Hôpital Cochin (Paris)—JP Mira, A Cariou, A Tesnières;

Hôpital Bicêtre (Le Kremlin-Bicêtre)—N Dufour, N Anguel, L Guérin, J Duranteau, C Ract;

CHU de Marseille (Marseille)—M Leone, B Pastène;

Hôpital Raymond Poincaré (Garches)—T Sharshar, A Fayssoyl;

Hôpital Saint-Antoine—JL Baudel, B Guidet;

Hôpital De La Pitié—Salpêtrière (Paris)—Q Lu, W Jie Gu, N Brechot, A Combes;

CHU Saint Eloi (Montpellier)—S Jaber, A Pradel, Y Coisel, M Conseil;

Hôpital Ambroise Paré (Boulogne)—A Vieillard-Baron, L Bodson;

CHU Carémeau (Nîmes)—JY Lefrant, L Elotmani, A Ayral, S Lloret;

Hôpital Jean Minjoz (Besançon)—S Pily-Flouri, JB Pretalli;

Clinique Universitaire Saint-Luc (Belgium)—PF Laterre, V Montiel, MF Dujardin, C Berghe.

Funding

The European Research Council (Proof-of-Concept Grant 713601-uPROPHET), the European Research Area Net for Cardiovascular Diseases (JTC2017-046-PROACT), and the Fonds voor Wetenschappelijk Onderzoek Vlaanderen, Ministry of the Flemish Community, Brussels, Belgium (G.0881.13) currently support the Studies Coordinating Centre in Leuven.

Author information

HM, JAS, AM, and ZYZ contributed to the study concept and design. MCF, EB, EF, EG, AM contributed to the acquisition of data. ENK, AL, HM, JAS, AM, and ZYZ analyzed and interpreted the data. All authors critically revised the manuscript for important intellectual content. ENK, AL, WYY, ZYZ, LT and JAS contributed to the statistical analysis. HM and JAS provided administrative, technical, or material support. HM, JAS, AM, and ZYZ supervised the study. All authors approved the final manuscript.

Correspondence to Zhen-Yu Zhang.

Ethics declarations

Ethics approval and consent to participate

The study complied with the Declaration of Helsinki for research in humans and was ethically approved by the Comité de Protection des Personnes, Île de France IV, Paris, France (IRB n°00003835) and the Commission d’éthique biomédicale hospitalo-facultaire de l’hôpital de Louvain, Brussels, Belgium (IRB n°B403201213352).

Consent for publication

All authors believe that the manuscript represents valid work and have reviewed and approved the final version.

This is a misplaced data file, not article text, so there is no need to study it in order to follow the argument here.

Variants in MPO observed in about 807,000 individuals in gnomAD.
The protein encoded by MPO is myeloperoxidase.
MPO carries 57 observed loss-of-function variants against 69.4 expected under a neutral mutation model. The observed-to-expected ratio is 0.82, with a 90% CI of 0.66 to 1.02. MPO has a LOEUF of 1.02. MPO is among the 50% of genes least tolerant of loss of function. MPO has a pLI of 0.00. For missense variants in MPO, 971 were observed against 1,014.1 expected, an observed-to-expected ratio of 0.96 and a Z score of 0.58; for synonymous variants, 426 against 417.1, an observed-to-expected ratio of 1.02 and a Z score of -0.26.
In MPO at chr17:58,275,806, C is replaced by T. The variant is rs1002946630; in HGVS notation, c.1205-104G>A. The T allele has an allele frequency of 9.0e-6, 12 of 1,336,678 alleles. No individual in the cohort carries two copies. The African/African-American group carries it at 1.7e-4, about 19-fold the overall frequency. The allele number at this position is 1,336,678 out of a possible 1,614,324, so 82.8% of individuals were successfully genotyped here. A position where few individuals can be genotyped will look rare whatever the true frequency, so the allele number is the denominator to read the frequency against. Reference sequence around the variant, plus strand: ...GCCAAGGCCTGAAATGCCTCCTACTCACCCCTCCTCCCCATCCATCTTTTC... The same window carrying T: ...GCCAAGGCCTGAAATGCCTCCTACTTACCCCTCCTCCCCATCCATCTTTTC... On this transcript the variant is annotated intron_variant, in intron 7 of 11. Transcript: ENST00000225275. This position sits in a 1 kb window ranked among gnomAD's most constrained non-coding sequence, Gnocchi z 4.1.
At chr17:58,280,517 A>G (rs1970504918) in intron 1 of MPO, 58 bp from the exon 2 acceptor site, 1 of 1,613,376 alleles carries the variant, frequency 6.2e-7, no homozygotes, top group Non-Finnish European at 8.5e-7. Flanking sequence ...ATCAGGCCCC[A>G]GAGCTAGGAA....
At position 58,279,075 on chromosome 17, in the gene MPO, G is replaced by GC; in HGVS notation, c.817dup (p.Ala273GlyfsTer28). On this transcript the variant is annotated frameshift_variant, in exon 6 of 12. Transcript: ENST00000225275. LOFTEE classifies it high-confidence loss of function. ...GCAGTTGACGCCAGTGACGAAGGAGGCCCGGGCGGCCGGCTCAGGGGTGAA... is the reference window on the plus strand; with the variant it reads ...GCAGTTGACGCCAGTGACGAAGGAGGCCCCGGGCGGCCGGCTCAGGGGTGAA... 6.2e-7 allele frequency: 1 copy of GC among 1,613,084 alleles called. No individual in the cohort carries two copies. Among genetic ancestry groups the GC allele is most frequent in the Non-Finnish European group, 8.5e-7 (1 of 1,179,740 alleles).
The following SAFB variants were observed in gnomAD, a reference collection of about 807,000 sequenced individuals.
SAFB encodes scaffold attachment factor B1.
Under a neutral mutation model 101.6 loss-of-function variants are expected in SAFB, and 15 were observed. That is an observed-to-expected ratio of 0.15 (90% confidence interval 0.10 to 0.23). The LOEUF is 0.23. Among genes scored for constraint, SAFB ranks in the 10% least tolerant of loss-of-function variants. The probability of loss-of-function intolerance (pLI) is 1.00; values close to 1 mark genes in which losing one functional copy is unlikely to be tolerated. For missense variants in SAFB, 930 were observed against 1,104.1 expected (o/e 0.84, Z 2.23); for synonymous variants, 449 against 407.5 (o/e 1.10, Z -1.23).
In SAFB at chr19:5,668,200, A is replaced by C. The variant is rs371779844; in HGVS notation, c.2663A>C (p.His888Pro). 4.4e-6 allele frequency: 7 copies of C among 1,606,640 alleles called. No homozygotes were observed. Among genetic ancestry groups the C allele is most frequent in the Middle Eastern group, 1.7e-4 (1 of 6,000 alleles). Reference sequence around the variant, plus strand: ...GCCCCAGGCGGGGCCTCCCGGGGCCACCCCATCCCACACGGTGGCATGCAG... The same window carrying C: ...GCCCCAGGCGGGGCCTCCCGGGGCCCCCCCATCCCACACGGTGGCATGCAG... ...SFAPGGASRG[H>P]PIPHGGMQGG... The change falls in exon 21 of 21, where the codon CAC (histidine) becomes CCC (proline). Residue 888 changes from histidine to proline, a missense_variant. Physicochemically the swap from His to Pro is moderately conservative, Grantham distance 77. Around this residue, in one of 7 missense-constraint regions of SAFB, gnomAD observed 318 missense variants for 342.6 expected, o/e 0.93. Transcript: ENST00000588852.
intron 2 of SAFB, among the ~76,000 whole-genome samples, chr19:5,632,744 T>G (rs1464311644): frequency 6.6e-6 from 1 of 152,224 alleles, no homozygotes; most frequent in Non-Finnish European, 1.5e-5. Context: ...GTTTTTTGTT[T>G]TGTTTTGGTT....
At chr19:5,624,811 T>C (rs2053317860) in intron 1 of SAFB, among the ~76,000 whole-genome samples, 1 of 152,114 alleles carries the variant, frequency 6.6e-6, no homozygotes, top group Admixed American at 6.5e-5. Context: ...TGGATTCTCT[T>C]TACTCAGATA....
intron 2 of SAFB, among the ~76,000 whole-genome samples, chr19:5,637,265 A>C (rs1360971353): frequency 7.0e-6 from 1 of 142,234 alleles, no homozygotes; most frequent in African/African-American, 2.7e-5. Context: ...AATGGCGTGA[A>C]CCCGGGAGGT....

Competing interests

H.M. is the co-owner of Mosaiques Diagnostics. E.N-K and A.L. are employed by Mosaiques Diagnostics. All other authors  declare that they have no competing interests.

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Supplementary information

Additional file 1. Supplemental Methods. Sample Preparation and CE-MS Analysis. Quality Control. Mass Spectrometric Data Processing. Support Vector Modelling. Sequencing of Polypeptides. References. Table S1. Weights of Comorbidities in the Charlson Comorbidity Index. Table S2. Correlation Coefficients between Biomarkers. Table S3. Clinical Characteristics at Baseline by Study Group and Survival Status. Table S4. Biomarkers at Baseline by Study Group and Survival Status. Table S5. Sequenced Peptides Included in the All-Cause Mortality Predictor Peptide Panel. Table S6. Association of Death with Single Sequenced Urinary Peptides. Table S7. Proteasix Analysis Including Collagen Fragments. Table S8 Proteasix Analysis Excluding Collagen Fragments. Figure S1. Distributions of multidimensional urinary ACM128 in survivors (A, C) and nonsurvivors (B, D) in the discovery and test datasets. Figure S2. Protein-protein interactome derived from 63 sequenced urinary peptides, including collagen fragments, and the in-silico Proteasix analysis. Figure S3. Protein-protein interactome derived from 35 sequenced urinary peptides, excluding collagen fragments, and the in-silico Proteasix analysis.

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Nkuipou-Kenfack, E., Latosinska, A., Yang, W. et al. A novel urinary biomarker predicts 1-year mortality after discharge from intensive care. Crit Care 24, 10 (2020). https://doi.org/10.1186/s13054-019-2686-0

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Keywords

  • Biomarker
  • Intensive care medicine
  • Heart failure
  • Mortality
  • Urinary proteomics